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The death of Barbara Fournier on January 23rd ended the chapter on what is possibly the most influential Norfolk Terrier kennel in US History. Although Bobbie had won her share of honors and finished many champions since obtaining her first Norfolk in 1950, her greatest contribution came in championing the breed, in showing them off when they were virtually unknown, in welcoming newcomers, and in writing the first book on Norfolk Terriers.
From her days in Bethany, CT, with a kennel chock-full of "Norwich DE" to her final days in her lovely Santa Fe home, Bobbie Fourniers name was synonymous with the breed she loved.
Once she left the wooded hills of Connecticut in the mid 1970s, Bobbie threw off her New England heritage and became a Southwestern belle. In judging assignments that took her around the world, her array of hats, silver jewelry and western wear stamped her as a woman who had embraced the culture and heritage of the American West.
Bobbie was ANTAs first president and hosted three of our Clubs events: in May of 1995 at a pivotal time immediately following the death of Joan Read; in 1997 when, although she was suffering from kidney disease and confined to a hospital bed, she nevertheless opened her home to ANTA, and again in 1999. This time, she not only welcomed guests into her home, presided at the Club dinner, and oversaw details of our match, she also managed to judge Best in Show at Saturdays all breed show in Albuquerque. This, even though she was receiving dialysis treatments several times a week.
Although she had greatly limited the number of Norfolks she kept in Santa Fe, her home was designed to be both pretty and functional. It accommodated a lifestyle that was divided between travel to far-flung judging assignments and serving as a haven for visitors from home and abroad.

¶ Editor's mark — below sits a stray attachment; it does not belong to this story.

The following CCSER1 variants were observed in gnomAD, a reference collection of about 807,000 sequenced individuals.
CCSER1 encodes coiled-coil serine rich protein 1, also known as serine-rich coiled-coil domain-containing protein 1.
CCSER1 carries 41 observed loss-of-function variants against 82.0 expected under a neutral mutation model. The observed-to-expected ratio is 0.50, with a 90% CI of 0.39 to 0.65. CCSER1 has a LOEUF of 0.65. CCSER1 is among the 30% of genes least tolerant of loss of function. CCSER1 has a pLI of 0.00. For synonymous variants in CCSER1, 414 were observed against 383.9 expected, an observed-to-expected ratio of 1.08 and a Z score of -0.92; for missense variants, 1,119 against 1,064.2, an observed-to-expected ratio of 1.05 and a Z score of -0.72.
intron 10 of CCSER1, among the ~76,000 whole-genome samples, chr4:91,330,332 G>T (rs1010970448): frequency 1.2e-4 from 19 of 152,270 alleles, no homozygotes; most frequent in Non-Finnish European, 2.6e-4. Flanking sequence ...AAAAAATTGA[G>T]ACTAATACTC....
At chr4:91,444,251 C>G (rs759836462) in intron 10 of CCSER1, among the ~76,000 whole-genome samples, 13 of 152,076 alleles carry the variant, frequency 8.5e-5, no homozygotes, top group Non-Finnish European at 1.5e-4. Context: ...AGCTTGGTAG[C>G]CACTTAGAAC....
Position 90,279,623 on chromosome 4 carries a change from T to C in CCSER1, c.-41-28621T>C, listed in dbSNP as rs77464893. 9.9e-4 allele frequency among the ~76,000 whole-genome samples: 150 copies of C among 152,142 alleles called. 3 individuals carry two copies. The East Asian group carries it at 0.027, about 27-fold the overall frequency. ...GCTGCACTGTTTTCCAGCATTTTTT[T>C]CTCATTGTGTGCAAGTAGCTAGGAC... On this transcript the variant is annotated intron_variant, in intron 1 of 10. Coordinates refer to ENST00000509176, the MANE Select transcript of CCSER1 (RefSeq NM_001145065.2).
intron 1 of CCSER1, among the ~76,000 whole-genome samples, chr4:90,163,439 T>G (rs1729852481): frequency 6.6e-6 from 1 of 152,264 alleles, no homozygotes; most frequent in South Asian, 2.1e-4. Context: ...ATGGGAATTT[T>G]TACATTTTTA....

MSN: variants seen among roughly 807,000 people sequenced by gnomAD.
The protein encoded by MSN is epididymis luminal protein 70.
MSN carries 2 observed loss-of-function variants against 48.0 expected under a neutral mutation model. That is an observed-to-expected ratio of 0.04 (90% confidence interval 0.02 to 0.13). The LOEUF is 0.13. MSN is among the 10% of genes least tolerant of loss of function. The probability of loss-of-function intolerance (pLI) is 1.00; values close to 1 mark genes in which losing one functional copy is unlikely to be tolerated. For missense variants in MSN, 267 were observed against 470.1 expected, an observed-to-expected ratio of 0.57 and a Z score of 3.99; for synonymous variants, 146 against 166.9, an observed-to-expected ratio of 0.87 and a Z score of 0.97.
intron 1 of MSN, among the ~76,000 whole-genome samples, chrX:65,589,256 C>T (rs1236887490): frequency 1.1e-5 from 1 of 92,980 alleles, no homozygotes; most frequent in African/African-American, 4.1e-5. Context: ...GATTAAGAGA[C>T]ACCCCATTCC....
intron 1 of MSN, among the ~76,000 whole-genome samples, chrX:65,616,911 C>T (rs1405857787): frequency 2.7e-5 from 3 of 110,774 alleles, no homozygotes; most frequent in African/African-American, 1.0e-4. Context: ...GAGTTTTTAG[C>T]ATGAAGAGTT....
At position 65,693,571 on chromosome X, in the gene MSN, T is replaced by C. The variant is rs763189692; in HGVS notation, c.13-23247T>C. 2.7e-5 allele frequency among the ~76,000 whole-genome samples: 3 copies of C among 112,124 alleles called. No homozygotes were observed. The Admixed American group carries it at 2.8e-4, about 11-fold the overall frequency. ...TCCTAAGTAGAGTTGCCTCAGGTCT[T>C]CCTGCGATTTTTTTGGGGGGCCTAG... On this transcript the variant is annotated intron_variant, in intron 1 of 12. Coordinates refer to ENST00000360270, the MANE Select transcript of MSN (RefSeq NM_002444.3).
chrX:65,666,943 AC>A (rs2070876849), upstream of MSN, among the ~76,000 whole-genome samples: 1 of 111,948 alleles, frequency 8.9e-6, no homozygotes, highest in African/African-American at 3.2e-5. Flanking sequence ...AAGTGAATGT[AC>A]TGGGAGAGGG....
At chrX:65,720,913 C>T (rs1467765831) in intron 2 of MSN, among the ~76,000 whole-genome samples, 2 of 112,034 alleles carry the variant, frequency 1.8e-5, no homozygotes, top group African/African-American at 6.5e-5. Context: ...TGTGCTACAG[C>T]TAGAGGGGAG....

When Bobbie issued her frequent invitations to come to Santa Fe for a visit, her many friends werent kidding when they accused her of never being home! Judging assignments in locations as diverse as South Africa, England, and Hawaii kept her frequent flyer miles accumulating. Somehow, though, she managed to accommodate more than a few travelers in between those judging assignments.
A quick trip to the store in Santa Fe could take hours as Bobbie greeted the scores of people she knew along the route, and then stopped to introduce herself to any stranger who happened to be shopping nearby.
Barbara Fournier will be missed and ANTA extends sympathy to her niece, Holly P. Bostwick, and her family, and to her many friends, worldwide.
Fortunately, the Bethway name lives on in the pedigrees of many Norfolk a lasting testimony to one of the breeds pioneers.
ANTIC, March, 2000
This photograph of Barbara Schilf (later Fournier) was taken in the mid-1950's and was sent to ANTA by Bobby's niece, Holly Bostwick. Holly is still sorting through and cataloging boxes of Bobby's papers, photos, and memorabilia a priceless history of Bethways Kennels and Norfolks in America.
ANTIC, June, 2003
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